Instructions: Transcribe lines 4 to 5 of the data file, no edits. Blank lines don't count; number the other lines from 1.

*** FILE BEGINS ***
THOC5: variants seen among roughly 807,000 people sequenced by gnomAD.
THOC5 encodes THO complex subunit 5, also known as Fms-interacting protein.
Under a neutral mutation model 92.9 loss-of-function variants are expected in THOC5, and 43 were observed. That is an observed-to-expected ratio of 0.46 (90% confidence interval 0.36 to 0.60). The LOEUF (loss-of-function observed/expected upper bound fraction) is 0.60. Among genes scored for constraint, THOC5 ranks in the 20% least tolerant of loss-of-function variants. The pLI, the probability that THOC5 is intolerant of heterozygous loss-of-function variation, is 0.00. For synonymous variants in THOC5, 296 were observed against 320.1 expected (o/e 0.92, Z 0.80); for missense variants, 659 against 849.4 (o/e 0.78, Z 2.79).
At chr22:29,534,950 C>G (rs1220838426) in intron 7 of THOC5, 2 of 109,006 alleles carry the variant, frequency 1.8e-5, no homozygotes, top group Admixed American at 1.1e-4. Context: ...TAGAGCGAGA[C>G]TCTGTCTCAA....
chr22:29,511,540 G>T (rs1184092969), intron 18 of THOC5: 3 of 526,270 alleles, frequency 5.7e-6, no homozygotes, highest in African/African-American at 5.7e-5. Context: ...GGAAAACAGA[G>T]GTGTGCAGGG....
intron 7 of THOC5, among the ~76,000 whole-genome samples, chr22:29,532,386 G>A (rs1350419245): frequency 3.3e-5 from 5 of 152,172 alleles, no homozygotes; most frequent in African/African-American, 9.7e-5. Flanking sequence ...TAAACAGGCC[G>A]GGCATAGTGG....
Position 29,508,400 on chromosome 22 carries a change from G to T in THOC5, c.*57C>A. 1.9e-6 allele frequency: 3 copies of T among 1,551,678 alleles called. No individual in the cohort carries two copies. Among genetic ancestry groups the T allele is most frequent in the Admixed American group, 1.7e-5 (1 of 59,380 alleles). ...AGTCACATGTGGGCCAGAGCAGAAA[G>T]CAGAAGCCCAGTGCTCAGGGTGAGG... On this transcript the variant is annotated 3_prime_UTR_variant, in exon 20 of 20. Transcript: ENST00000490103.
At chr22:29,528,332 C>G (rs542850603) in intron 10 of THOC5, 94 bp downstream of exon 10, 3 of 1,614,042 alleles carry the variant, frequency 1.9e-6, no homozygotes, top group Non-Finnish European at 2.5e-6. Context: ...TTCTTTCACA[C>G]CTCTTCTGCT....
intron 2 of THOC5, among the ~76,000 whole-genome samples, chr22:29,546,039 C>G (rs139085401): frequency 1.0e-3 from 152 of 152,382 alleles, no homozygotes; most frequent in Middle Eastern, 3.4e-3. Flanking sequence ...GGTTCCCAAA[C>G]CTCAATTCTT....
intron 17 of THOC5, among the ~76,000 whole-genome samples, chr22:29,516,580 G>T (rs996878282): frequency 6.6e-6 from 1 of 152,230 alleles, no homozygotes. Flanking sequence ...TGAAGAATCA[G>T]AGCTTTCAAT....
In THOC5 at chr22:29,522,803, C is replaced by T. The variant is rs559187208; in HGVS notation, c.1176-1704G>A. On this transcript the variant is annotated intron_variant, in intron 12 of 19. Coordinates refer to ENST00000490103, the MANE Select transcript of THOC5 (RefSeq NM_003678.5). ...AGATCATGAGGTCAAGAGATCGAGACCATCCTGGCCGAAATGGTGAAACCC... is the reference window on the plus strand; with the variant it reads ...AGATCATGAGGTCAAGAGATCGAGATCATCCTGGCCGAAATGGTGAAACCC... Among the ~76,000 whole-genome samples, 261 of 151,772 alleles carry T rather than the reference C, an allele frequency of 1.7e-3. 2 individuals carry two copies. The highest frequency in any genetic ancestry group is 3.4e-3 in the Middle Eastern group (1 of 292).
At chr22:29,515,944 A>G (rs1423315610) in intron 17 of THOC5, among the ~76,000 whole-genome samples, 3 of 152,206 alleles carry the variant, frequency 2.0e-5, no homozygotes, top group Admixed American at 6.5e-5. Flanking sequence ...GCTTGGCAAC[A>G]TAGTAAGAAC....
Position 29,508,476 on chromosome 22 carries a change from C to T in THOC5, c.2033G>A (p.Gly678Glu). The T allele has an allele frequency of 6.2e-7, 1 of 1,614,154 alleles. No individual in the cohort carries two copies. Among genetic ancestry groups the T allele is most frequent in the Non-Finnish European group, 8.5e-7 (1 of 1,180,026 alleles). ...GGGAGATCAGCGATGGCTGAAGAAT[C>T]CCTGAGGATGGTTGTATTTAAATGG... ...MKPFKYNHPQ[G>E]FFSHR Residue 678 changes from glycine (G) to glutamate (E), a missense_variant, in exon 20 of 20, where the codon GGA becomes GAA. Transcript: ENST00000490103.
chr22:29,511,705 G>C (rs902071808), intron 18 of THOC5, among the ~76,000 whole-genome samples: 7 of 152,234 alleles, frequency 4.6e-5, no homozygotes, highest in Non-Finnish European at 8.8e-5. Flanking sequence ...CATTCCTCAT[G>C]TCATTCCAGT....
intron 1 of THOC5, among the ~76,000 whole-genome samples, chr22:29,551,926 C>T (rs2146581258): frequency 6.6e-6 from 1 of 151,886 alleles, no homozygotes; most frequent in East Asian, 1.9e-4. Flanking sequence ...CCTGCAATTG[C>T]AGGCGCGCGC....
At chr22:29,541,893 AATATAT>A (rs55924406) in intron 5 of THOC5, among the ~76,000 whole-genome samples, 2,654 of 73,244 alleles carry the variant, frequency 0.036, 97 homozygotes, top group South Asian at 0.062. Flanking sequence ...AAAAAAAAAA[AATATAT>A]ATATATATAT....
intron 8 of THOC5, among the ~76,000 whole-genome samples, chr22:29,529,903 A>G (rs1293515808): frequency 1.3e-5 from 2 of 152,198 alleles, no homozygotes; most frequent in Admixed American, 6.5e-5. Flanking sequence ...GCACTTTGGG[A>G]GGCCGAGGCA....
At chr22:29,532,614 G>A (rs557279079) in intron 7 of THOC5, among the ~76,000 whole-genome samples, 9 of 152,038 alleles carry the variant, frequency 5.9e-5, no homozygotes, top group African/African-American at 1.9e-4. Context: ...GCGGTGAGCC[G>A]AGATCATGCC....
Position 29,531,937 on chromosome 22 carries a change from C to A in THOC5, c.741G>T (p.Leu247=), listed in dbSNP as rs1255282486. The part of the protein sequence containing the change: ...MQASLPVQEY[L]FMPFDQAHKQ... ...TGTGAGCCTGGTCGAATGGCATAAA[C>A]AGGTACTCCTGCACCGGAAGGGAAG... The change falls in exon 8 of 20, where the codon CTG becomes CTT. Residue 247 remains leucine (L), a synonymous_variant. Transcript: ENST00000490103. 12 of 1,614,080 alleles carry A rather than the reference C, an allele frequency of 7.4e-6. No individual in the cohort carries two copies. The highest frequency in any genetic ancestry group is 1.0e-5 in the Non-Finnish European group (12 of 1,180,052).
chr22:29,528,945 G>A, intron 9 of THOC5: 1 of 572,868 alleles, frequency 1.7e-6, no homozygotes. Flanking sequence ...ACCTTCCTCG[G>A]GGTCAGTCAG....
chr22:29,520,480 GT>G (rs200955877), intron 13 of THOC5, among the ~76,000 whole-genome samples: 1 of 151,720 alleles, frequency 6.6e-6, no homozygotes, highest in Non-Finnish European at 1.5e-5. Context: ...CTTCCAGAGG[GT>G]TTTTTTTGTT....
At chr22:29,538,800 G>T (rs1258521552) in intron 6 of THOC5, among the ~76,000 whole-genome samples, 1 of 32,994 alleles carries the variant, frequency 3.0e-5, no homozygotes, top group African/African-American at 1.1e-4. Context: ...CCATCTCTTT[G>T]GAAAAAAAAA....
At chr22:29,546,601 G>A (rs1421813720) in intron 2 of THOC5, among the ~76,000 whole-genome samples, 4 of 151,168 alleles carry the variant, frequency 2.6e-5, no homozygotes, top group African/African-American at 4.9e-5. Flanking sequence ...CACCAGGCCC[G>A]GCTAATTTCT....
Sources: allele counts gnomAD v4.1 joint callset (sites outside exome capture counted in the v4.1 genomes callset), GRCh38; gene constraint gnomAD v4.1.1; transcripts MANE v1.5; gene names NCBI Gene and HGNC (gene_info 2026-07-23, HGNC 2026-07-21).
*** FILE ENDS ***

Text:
At chr22:29,534,950 C>G (rs1220838426) in intron 7 of THOC5, 2 of 109,006 alleles carry the variant, frequency 1.8e-5, no homozygotes, top group Admixed American at 1.1e-4. Context: ...TAGAGCGAGA[C>G]TCTGTCTCAA....
chr22:29,511,540 G>T (rs1184092969), intron 18 of THOC5: 3 of 526,270 alleles, frequency 5.7e-6, no homozygotes, highest in African/African-American at 5.7e-5. Context: ...GGAAAACAGA[G>T]GTGTGCAGGG....